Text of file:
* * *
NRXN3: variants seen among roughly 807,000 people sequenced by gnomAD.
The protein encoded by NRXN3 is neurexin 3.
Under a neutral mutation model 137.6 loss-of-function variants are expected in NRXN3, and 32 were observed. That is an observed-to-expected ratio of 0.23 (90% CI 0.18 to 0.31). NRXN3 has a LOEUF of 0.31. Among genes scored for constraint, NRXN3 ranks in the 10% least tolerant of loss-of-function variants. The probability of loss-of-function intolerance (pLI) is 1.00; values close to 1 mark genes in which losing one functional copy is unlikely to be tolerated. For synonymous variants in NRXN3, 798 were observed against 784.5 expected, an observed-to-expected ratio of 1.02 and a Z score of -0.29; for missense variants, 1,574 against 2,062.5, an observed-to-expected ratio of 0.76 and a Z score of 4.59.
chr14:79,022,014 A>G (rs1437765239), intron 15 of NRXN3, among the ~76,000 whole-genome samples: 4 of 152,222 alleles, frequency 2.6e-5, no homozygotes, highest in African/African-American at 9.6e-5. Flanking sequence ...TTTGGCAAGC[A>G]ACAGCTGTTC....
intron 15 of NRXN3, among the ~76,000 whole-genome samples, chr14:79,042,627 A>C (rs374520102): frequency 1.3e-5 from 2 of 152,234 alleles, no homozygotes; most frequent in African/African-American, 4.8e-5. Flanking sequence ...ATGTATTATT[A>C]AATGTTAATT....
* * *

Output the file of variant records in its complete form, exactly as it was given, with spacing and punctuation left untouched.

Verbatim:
NRXN3: variants seen among roughly 807,000 people sequenced by gnomAD.
The protein encoded by NRXN3 is neurexin 3.
Under a neutral mutation model 137.6 loss-of-function variants are expected in NRXN3, and 32 were observed. That is an observed-to-expected ratio of 0.23 (90% CI 0.18 to 0.31). NRXN3 has a LOEUF of 0.31. Among genes scored for constraint, NRXN3 ranks in the 10% least tolerant of loss-of-function variants. The probability of loss-of-function intolerance (pLI) is 1.00; values close to 1 mark genes in which losing one functional copy is unlikely to be tolerated. For synonymous variants in NRXN3, 798 were observed against 784.5 expected, an observed-to-expected ratio of 1.02 and a Z score of -0.29; for missense variants, 1,574 against 2,062.5, an observed-to-expected ratio of 0.76 and a Z score of 4.59.
chr14:79,022,014 A>G (rs1437765239), intron 15 of NRXN3, among the ~76,000 whole-genome samples: 4 of 152,222 alleles, frequency 2.6e-5, no homozygotes, highest in African/African-American at 9.6e-5. Flanking sequence ...TTTGGCAAGC[A>G]ACAGCTGTTC....
intron 15 of NRXN3, among the ~76,000 whole-genome samples, chr14:79,042,627 A>C (rs374520102): frequency 1.3e-5 from 2 of 152,234 alleles, no homozygotes; most frequent in African/African-American, 4.8e-5. Flanking sequence ...ATGTATTATT[A>C]AATGTTAATT....